The Ministerial Committee for Legislation approved on Sunday the first bill submitted by Minister Ayelet Shaked, stiffening the punishments and penalties meted out to individuals convicted of rock throwing.
The Committee decided to bring the "continuity principle" to bear on the bill, which was originally submitted by former Justice Minister Tzipi Livni in the previous government, but passed only in the first reading. The continuity principle means that the bill will not have to be brought to a first reading again, and will advance immediately to the second and third readings.
Currently, Israeli law differentiates between “protest” rock throwing and rocks thrown to cause damage or death. But, according to Shaked's proposal, penalties, including a jail sentence of ten years, would apply no matter what the thrower's supposed intent.
In documents filed in advance of the Committee discussion, Shaked said that the law as it currently stands is insufficient “and does not provide a proper response to the many incidents of rock throwing that may not contain a specific intent, but cause a great deal of damage."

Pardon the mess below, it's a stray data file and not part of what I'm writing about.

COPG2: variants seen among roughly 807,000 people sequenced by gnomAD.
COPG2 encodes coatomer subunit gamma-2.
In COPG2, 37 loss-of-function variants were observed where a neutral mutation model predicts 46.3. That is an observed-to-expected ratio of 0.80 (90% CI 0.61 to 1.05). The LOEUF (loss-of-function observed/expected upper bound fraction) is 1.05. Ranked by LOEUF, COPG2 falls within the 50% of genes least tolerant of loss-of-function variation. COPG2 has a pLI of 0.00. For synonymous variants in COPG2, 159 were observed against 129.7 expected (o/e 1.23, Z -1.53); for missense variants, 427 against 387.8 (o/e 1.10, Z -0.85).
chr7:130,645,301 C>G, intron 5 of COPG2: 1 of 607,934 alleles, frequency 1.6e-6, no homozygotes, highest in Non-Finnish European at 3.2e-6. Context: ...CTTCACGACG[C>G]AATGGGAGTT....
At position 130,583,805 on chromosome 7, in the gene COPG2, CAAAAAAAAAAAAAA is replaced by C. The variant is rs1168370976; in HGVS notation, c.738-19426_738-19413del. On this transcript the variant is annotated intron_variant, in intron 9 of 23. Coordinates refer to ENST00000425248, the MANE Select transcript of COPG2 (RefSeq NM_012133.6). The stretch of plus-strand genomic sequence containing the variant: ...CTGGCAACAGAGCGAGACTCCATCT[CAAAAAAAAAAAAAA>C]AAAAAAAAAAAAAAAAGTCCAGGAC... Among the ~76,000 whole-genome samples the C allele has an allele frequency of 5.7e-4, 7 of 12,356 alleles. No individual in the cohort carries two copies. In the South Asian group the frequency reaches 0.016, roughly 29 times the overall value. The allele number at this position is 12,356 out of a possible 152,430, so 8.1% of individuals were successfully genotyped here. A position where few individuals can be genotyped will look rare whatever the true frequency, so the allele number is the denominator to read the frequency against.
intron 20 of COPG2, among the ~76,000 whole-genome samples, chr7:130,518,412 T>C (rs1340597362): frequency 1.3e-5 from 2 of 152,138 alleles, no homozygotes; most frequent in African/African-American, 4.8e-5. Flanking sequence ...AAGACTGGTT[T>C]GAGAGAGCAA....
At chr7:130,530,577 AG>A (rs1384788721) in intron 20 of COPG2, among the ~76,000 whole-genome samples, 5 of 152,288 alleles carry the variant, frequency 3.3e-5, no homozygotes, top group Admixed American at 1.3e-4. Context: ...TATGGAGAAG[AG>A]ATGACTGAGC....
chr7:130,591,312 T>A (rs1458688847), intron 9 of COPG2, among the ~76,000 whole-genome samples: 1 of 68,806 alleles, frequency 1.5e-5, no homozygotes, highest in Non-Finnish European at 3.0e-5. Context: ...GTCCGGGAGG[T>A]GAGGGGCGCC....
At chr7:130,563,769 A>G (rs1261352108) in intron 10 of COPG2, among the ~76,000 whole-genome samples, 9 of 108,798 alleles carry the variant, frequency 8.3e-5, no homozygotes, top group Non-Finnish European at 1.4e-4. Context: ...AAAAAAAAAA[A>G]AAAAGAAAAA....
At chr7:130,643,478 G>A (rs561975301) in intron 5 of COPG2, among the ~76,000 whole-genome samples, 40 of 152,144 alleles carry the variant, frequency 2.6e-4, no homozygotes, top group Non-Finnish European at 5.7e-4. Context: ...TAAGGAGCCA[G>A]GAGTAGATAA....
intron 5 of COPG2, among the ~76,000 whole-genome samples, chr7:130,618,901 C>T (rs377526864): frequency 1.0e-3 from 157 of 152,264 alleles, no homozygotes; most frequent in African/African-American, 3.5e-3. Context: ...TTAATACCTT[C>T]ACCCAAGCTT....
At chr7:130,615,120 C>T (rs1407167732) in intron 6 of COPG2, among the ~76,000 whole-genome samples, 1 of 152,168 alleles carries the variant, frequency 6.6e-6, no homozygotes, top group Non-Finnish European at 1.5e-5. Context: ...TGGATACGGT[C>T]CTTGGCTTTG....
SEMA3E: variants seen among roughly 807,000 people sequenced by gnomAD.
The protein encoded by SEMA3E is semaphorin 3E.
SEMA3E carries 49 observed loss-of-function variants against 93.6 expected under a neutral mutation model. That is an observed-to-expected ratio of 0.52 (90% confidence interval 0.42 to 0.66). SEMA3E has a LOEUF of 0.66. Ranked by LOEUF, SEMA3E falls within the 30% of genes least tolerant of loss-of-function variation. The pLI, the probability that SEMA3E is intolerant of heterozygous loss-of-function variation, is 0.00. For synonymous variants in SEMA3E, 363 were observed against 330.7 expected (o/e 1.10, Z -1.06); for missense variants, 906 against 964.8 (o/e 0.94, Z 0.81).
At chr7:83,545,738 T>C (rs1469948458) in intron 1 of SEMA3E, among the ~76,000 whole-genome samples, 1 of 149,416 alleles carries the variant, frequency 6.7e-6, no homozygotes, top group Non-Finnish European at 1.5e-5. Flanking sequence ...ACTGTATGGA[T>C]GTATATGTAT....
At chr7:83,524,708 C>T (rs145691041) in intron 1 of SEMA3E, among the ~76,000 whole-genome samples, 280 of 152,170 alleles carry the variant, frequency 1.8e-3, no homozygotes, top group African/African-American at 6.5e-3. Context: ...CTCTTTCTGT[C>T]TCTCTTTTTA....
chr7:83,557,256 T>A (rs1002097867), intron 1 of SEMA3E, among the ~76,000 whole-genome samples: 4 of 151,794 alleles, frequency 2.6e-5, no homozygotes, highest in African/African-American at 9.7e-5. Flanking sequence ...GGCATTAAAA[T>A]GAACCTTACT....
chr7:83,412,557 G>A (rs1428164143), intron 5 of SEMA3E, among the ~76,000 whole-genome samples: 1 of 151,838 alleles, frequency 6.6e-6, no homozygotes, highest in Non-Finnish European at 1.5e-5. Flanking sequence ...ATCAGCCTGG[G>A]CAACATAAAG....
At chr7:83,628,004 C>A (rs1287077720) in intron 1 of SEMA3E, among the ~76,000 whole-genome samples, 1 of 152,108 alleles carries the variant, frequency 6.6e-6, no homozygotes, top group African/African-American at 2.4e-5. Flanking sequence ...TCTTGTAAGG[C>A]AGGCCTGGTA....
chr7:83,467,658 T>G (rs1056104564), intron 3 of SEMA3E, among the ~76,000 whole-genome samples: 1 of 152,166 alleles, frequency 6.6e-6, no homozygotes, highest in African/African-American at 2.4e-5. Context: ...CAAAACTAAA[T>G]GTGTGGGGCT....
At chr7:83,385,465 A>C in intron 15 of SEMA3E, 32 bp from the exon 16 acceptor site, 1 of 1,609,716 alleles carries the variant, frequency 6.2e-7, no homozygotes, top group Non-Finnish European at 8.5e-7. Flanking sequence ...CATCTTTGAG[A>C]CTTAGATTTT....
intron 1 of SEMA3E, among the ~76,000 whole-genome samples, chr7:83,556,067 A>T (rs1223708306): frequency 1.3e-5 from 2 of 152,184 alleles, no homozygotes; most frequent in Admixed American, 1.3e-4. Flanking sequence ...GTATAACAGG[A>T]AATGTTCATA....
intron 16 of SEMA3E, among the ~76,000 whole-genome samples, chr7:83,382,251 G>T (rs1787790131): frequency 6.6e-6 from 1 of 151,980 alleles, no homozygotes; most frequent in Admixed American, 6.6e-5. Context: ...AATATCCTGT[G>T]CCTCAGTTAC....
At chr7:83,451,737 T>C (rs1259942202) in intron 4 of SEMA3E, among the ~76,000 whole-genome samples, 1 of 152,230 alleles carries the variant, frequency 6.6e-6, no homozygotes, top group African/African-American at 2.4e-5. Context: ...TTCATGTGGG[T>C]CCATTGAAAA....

“For example, when rocks are thrown during a riot, not all those participating in the riot may have a specific intent. The current maximum term for any case of rock throwing is 20 years, and that does not properly respond to the threat to the safety of individuals,” Shaked wrote, adding that the vast majority of rock throwers are given minimal punishments.
In addition, Shaked's proposal would expand the law against rock throwing to stiffen punishments for individuals who throw rocks at police or police vehicles. Such attacks would be subject to a special penalty and harsher punishments would be imposed.